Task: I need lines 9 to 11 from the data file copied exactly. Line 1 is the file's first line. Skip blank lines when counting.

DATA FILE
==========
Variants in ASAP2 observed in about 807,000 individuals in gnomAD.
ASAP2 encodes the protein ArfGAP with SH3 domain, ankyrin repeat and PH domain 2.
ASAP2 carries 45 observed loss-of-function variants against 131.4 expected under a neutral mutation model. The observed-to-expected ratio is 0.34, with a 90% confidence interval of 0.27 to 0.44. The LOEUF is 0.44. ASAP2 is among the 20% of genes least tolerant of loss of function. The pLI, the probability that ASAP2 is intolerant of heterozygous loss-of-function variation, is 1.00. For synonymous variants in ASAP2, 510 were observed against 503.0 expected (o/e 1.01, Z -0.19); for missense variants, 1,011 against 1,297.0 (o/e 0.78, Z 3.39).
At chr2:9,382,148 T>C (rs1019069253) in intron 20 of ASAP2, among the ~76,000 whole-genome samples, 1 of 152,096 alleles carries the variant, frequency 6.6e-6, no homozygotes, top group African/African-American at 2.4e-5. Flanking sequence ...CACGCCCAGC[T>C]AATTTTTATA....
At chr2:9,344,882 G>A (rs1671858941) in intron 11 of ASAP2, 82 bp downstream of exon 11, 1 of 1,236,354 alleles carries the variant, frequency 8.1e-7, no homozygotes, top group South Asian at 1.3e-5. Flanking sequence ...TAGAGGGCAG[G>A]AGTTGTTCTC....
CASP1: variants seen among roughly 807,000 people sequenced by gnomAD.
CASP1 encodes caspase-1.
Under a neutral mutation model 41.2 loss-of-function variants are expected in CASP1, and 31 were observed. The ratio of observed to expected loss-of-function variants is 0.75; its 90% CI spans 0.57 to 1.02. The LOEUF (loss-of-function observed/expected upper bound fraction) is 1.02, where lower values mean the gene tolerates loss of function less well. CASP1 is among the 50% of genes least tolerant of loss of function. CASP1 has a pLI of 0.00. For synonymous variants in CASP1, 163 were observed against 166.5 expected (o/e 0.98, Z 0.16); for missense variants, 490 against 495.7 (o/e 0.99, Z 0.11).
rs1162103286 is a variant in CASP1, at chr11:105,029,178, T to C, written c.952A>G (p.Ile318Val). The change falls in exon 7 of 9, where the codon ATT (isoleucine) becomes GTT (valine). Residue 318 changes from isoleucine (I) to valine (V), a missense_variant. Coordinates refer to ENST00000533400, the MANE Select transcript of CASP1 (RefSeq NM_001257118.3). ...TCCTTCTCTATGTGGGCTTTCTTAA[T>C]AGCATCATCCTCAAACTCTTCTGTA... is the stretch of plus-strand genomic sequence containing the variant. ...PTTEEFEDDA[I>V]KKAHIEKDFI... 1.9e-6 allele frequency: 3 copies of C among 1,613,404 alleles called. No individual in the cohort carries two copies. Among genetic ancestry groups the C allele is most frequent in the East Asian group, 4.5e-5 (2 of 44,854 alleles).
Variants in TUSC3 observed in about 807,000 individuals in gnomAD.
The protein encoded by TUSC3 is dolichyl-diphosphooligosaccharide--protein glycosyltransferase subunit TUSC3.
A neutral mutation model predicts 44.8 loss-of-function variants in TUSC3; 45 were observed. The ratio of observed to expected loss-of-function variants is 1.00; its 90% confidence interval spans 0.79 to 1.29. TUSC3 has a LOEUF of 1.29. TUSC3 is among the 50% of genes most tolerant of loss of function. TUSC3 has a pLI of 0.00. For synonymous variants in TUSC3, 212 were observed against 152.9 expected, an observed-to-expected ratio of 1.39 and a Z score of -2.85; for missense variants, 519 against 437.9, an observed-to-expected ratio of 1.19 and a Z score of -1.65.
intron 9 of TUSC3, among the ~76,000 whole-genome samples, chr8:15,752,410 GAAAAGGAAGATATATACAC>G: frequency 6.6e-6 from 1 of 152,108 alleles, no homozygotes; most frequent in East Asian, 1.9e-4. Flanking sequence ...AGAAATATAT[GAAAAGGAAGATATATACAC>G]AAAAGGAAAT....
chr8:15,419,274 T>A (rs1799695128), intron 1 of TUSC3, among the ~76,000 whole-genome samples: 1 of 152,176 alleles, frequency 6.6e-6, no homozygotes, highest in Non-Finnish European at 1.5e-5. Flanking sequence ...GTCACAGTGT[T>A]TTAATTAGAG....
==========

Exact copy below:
rs1162103286 is a variant in CASP1, at chr11:105,029,178, T to C, written c.952A>G (p.Ile318Val). The change falls in exon 7 of 9, where the codon ATT (isoleucine) becomes GTT (valine). Residue 318 changes from isoleucine (I) to valine (V), a missense_variant. Coordinates refer to ENST00000533400, the MANE Select transcript of CASP1 (RefSeq NM_001257118.3). ...TCCTTCTCTATGTGGGCTTTCTTAA[T>C]AGCATCATCCTCAAACTCTTCTGTA... is the stretch of plus-strand genomic sequence containing the variant. ...PTTEEFEDDA[I>V]KKAHIEKDFI... 1.9e-6 allele frequency: 3 copies of C among 1,613,404 alleles called. No individual in the cohort carries two copies. Among genetic ancestry groups the C allele is most frequent in the East Asian group, 4.5e-5 (2 of 44,854 alleles).
Variants in TUSC3 observed in about 807,000 individuals in gnomAD.
The protein encoded by TUSC3 is dolichyl-diphosphooligosaccharide--protein glycosyltransferase subunit TUSC3.